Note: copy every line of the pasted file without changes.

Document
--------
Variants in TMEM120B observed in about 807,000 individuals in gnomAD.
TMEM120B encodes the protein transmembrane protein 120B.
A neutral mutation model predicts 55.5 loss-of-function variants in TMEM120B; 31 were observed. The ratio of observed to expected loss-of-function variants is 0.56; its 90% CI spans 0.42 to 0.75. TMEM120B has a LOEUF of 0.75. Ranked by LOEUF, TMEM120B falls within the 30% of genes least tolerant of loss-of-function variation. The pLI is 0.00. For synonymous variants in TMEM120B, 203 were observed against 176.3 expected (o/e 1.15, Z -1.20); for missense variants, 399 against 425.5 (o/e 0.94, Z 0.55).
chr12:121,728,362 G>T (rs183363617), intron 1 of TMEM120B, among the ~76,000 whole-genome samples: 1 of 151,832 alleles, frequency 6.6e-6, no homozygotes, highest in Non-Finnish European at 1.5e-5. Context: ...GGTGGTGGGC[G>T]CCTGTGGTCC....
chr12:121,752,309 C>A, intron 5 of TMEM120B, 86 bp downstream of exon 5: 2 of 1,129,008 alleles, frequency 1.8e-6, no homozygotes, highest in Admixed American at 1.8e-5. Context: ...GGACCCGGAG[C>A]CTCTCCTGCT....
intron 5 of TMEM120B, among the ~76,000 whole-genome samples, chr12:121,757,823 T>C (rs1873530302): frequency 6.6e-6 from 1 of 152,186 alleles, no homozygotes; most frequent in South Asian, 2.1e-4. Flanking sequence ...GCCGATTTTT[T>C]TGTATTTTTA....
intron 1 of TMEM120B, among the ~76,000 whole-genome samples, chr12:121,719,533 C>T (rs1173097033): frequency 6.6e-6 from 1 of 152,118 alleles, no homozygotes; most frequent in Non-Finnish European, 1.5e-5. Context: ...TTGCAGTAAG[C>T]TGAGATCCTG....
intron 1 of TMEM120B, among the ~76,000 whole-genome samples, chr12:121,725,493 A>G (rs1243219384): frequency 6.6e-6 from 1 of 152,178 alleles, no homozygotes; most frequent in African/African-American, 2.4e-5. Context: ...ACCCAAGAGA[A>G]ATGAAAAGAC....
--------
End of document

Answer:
Variants in TMEM120B observed in about 807,000 individuals in gnomAD.
TMEM120B encodes the protein transmembrane protein 120B.
A neutral mutation model predicts 55.5 loss-of-function variants in TMEM120B; 31 were observed. The ratio of observed to expected loss-of-function variants is 0.56; its 90% CI spans 0.42 to 0.75. TMEM120B has a LOEUF of 0.75. Ranked by LOEUF, TMEM120B falls within the 30% of genes least tolerant of loss-of-function variation. The pLI is 0.00. For synonymous variants in TMEM120B, 203 were observed against 176.3 expected (o/e 1.15, Z -1.20); for missense variants, 399 against 425.5 (o/e 0.94, Z 0.55).
chr12:121,728,362 G>T (rs183363617), intron 1 of TMEM120B, among the ~76,000 whole-genome samples: 1 of 151,832 alleles, frequency 6.6e-6, no homozygotes, highest in Non-Finnish European at 1.5e-5. Context: ...GGTGGTGGGC[G>T]CCTGTGGTCC....
chr12:121,752,309 C>A, intron 5 of TMEM120B, 86 bp downstream of exon 5: 2 of 1,129,008 alleles, frequency 1.8e-6, no homozygotes, highest in Admixed American at 1.8e-5. Context: ...GGACCCGGAG[C>A]CTCTCCTGCT....
intron 5 of TMEM120B, among the ~76,000 whole-genome samples, chr12:121,757,823 T>C (rs1873530302): frequency 6.6e-6 from 1 of 152,186 alleles, no homozygotes; most frequent in South Asian, 2.1e-4. Flanking sequence ...GCCGATTTTT[T>C]TGTATTTTTA....
intron 1 of TMEM120B, among the ~76,000 whole-genome samples, chr12:121,719,533 C>T (rs1173097033): frequency 6.6e-6 from 1 of 152,118 alleles, no homozygotes; most frequent in Non-Finnish European, 1.5e-5. Context: ...TTGCAGTAAG[C>T]TGAGATCCTG....
intron 1 of TMEM120B, among the ~76,000 whole-genome samples, chr12:121,725,493 A>G (rs1243219384): frequency 6.6e-6 from 1 of 152,178 alleles, no homozygotes; most frequent in African/African-American, 2.4e-5. Context: ...ACCCAAGAGA[A>G]ATGAAAAGAC....